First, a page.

I started re-reading The Fire Next Time by James Baldwin, if you are not familiar with this book you should definitely check it out. I have been exploring for a while now what it is to be a cis-gendered, heterosexual, white male; one of the ways I find useful is to also be able to place my experience in contrast with other people’s experience of the world. I find that getting a peek into the lives of authors like James Baldwin and Ta Nehisis Coates has helped me to witness a different reality that I am living; it has also made me question and re-evaluate if I am being a good ally? Also, how am I living my privilege?
I was discussing with a colleague, whom I respect enormously, about how the Baldwin book was bringing stuff up and how I could not even imagine what it would have been to be a gay black man in Harlem in the 1960s. I also continued to say that I would never be able to know what it truly means to be a visible minority in any time period let alone the Baldwin combination; I was then replied with a very serious “Well I believe that I can know what it feels like to be a Black man etc.” I have to admit that I was shocked and made very uncomfortable seeing as it was coming from a man that looks exactly like me (red beard and all). He then went on to tell me that when he converted to Islam he felt more welcomed in the Muslim community than he had ever felt in the past, and thus he was able to know what it felt like to be any Muslim in Canada. Also his reading of Malcom X’s biography had let me see the reality of the black man and was thus in tune with the African American experience of the world.
It is here that I really see intersectionality and privilege and how if I am a minority (e.g. – Islam) in one section of my identity, it does not mean that I am allowed to then say I am able to know the reality of a black man in America or even an Arab Muslim in Canada. This also shows how, as white people, we are not aware of the privilege we embody. We are use to being the norm where most people speak from; we are used to only hearing our voice in history etc. I find that it is important to read about others experience of the world, but it is not our job to speak for them. This is not what an ally does; we have to become aware of this and to act accordingly.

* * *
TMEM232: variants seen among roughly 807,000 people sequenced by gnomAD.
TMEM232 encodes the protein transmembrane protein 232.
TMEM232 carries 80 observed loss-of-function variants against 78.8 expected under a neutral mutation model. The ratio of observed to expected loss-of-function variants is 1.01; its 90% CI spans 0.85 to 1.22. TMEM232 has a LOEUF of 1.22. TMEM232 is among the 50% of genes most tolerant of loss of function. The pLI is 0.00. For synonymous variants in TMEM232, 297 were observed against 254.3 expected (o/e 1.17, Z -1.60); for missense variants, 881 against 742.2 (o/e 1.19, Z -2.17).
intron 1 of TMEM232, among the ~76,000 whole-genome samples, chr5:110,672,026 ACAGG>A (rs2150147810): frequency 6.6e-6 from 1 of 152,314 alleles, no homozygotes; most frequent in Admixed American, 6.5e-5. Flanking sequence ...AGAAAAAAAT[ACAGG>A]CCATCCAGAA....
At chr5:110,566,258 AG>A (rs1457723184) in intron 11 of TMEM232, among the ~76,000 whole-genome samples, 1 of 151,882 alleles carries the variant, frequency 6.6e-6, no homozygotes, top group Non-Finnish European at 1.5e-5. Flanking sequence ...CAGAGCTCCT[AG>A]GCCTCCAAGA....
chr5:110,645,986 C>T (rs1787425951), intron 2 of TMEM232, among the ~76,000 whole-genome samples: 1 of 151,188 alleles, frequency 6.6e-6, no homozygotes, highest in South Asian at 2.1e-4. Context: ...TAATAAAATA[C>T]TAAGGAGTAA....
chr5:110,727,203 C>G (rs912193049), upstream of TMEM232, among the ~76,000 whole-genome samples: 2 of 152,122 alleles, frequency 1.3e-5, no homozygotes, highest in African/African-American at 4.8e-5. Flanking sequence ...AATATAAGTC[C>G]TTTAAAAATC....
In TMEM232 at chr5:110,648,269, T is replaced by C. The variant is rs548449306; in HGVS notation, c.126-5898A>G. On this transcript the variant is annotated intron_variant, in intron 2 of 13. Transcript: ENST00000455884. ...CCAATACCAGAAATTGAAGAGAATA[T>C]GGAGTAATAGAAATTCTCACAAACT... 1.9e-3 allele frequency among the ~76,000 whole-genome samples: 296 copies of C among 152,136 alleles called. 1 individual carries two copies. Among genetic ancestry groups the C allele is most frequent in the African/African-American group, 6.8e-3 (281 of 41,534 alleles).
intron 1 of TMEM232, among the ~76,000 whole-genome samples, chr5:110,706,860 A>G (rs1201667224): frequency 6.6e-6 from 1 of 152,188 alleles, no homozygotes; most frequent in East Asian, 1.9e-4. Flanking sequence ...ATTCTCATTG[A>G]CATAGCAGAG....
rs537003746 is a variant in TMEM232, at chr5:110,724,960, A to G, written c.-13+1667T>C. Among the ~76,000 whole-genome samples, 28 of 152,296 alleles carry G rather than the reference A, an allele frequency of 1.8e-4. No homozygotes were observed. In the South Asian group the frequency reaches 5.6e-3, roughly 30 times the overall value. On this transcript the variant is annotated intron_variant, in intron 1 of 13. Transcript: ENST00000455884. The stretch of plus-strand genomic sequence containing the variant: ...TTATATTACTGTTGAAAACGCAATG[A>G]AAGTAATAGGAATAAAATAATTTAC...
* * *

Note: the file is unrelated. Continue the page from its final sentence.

I read a great article on the internet (Dear White People: Your Comfort Makes You Bad Allies by Donyae Coles) that discusses how this comfort makes us bad allies, let me explain a little. It is all great to post stuff on the internet, to share articles, donate money to different causes, etc. These are all things that are comfortable, and I think to a certain extent they are not that effective either.
If you want to donate money, that is great, but maybe you should go to a community center in an area in your city that you know is serving underprivileged populations, see what they need instead of assuming that you know what might be best for the community. If you are active on social media sites, don’t unfriend people that do not agree with you. If you are scrolling down your feed and you notice that a friend has posted a story about how men are challenging masculine standards with a certain action and then one of his family members/friends puts a really backwards comment, challenge them. It is hard for people to challenge and confront the racists/misogynists/homophobes/islamaphobes/etc in their lives, seeing as how you are not related or friends with this person gives you maybe the opportunity to say something that they might not be able to.
There are many good actions that we can do as allies, but I believe that the two most important ones are to not be afraid to get uncomfortable and to take care of your shit. If you are white, you have some racial bias in you and that is Ok, it is not your fault (during your whole life you have been a witness to racist imagery in the media, casual remarks, and micro agressions that have been ignored). Your refusal to look into it however, has a totally different view of responsability and what your role is towards it. This exploration has made me get into extremely uncomfortable discussions with some of my friends (I mean these are my peeps and I never thought that our discussions would shift like that); they have been moments where I have been able to check in with myself and realise the work that I have to do. I have met also new people that have helped nudge me in the right direction; their support and knowledge has been so valuable for me.
I think that it is enough for me for now. Life is so strange sometimes, we think that we are having a pleasant discussion and we are suddenly taken into choppy waters with someone we thought was like-minded. We are responsible for being the person that can hopefully nudge others into doing this messy uncomfortable work, it is so necessary and there has never been a better time than now!